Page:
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Barbara Koostra, former director of the Montana Museum of Art and Culture, sits in one of the museum’s galleries on the University of Montana campus in 2011.

The University of Montana has named a new leader of the Montana Museum of Art and Culture and will not renew the contract of its current director.

MMAC director Barbara Koostra received a letter from Provost Jon Harbor on Nov. 19 announcing her departure from the museum on Dec. 31, 2018. During her time in the role since January 2005, Koostra more than doubled the value of the collection to an estimated $25 million to $30 million.

"I am very proud to have been at the helm of the stewardship of this magnificent collection," Koostra said Thursday. "It is complex, inspirational. It tells the story of our state, but beyond that, the world's stories.

"I hope there will come a time when its value is better recognized and better housed and better celebrated. It is a serious responsibility to the public of Montana, and it is my hope it will be acknowledged fully soon."

A news release Thursday named H. Rafael Chacon, professor of art history and criticism at the campus since 1994, as the museum's new leader. In a news release and in a campus communication, Harbor praised the outgoing and incoming directors.

"Barbara Koostra brought considerable attention and programming to the MMAC," Harbor said in the news release. "We thank Barbara for her service to UM, Missoula, the state and the region and wish her the best in her future endeavors."

In the campus announcement, Harbor lauded Chacon for the lectures and gallery talks he's delivered, exhibits he's curated, and essays and catalogs he's written.

"In addition to his teaching and scholarly work, Dr. Chacon has been engaged actively in the field of museum studies since he was a college intern at the Metropolitan Museum of Art in New York City," Harbor said.


UM is undergoing a restructuring to save money and close a deficit as a result of an enrollment decline of more than 32 percent since 2010.

This summer, it moved the museum's administration from the Office of the Provost to the College of Visual and Performing Arts. The news release notes "the change in leadership is part of the college's staffing plan."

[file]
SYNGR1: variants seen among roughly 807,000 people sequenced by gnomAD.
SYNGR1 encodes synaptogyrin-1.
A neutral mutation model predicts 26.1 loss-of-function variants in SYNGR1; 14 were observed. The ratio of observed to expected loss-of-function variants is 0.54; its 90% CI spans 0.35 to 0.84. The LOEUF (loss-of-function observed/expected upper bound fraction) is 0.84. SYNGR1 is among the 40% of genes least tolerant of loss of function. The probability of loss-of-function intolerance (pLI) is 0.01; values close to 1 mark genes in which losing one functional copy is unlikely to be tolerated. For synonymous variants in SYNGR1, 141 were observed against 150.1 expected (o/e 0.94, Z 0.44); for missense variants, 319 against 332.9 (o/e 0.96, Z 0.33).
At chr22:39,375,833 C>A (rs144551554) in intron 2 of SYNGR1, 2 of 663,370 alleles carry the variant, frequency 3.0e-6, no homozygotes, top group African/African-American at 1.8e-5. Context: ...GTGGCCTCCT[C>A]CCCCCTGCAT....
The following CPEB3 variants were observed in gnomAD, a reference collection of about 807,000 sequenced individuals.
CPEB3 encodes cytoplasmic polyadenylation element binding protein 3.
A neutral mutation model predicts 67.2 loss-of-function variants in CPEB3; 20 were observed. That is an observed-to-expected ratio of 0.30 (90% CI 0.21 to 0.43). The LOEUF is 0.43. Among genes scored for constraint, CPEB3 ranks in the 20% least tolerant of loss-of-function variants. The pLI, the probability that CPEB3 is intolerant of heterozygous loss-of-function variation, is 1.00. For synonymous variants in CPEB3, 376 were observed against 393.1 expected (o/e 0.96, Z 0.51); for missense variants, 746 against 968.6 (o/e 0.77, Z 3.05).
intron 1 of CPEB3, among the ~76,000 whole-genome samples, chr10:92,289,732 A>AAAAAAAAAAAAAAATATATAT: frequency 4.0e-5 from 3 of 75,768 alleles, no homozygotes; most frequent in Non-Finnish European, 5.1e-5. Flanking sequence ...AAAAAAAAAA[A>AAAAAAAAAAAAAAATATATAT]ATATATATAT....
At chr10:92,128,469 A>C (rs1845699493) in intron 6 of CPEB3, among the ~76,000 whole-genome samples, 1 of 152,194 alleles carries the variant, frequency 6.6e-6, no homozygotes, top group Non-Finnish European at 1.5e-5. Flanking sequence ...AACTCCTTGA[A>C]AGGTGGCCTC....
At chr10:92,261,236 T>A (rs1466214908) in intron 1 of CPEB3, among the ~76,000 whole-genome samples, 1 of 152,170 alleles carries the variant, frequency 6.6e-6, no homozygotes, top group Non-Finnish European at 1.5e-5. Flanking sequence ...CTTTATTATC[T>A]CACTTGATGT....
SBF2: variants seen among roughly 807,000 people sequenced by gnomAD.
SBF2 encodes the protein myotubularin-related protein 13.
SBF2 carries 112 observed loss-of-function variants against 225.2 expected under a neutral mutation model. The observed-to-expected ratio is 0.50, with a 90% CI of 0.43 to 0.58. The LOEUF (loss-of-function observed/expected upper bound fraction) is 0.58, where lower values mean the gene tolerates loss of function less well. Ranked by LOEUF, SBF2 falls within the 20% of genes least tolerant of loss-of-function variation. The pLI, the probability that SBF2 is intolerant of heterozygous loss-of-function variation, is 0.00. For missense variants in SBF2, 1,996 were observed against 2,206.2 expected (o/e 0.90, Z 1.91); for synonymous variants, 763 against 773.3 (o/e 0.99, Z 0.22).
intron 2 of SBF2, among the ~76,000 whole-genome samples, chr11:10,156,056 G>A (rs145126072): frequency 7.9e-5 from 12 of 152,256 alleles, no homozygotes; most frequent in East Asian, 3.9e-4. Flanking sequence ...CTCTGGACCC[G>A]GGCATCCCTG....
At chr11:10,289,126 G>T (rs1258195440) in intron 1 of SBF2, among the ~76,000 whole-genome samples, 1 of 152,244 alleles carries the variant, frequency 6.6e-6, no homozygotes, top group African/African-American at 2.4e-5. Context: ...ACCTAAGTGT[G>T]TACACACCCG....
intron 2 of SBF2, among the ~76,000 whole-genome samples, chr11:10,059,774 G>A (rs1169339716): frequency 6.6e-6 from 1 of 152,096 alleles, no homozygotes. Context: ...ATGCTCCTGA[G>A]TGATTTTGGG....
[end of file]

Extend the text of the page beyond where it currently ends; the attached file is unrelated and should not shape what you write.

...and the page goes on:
Koostra's current employment contract notes her salary at $92,843, and Human Resources confirmed she will be paid through June 30, 2019. Chacon's contract lists his salary at $84,085. Harbor did not immediately respond to how UM would handle the faculty position Chacon would vacate, although UM aims to save money with faculty salary reductions.

The news release from UM noted MMAC curator and exhibitions coordinator Jeremy Canwell is staying on staff. 

The museum's permanent collection houses more than 11,000 objects, including art by European and regional masters. Earlier this year, the MMAC acquired pieces from the collection of copper king William A. Clark, which became available after the Corcoran Gallery in Washington, D.C., closed and dispersed its holdings. 

In the news release, Harbor praised Koostra's accomplishments, noting she raised more than $1.5 million in funds and presented more than 60 exhibitions, including works by Monet, Renoir, Rembrandt, Chagall, Picasso and Diebenkorn. She also presented the Pulitzer Prize photographs, "which broke all attendance records."

"Landing the Clark Collection was an historic first and a monumental achievement," Harbor said in the news release.

Koostra noted the Clark Collection was valued at $10 million and said she was surprised to receive notice of nonnrenewal after such an achievement.

"It's so disheartening to receive this kind of thanks for the effort," Koostra said. "It took over two years of effort with a bevy of advocates and wonderful help and then to face this nonrenewal is very — it's hard to believe."


Koostra came back to Montana to earn her MBA after a career as a professional clarinetist. She worked as the executive director of the Missoula Cultural Council, now known as Arts Missoula, then the Montana Arts Council's communication team, and then moved to Washington, D.C., to work at the National Endowment for the Arts. She was hired at the MMAC in 2005.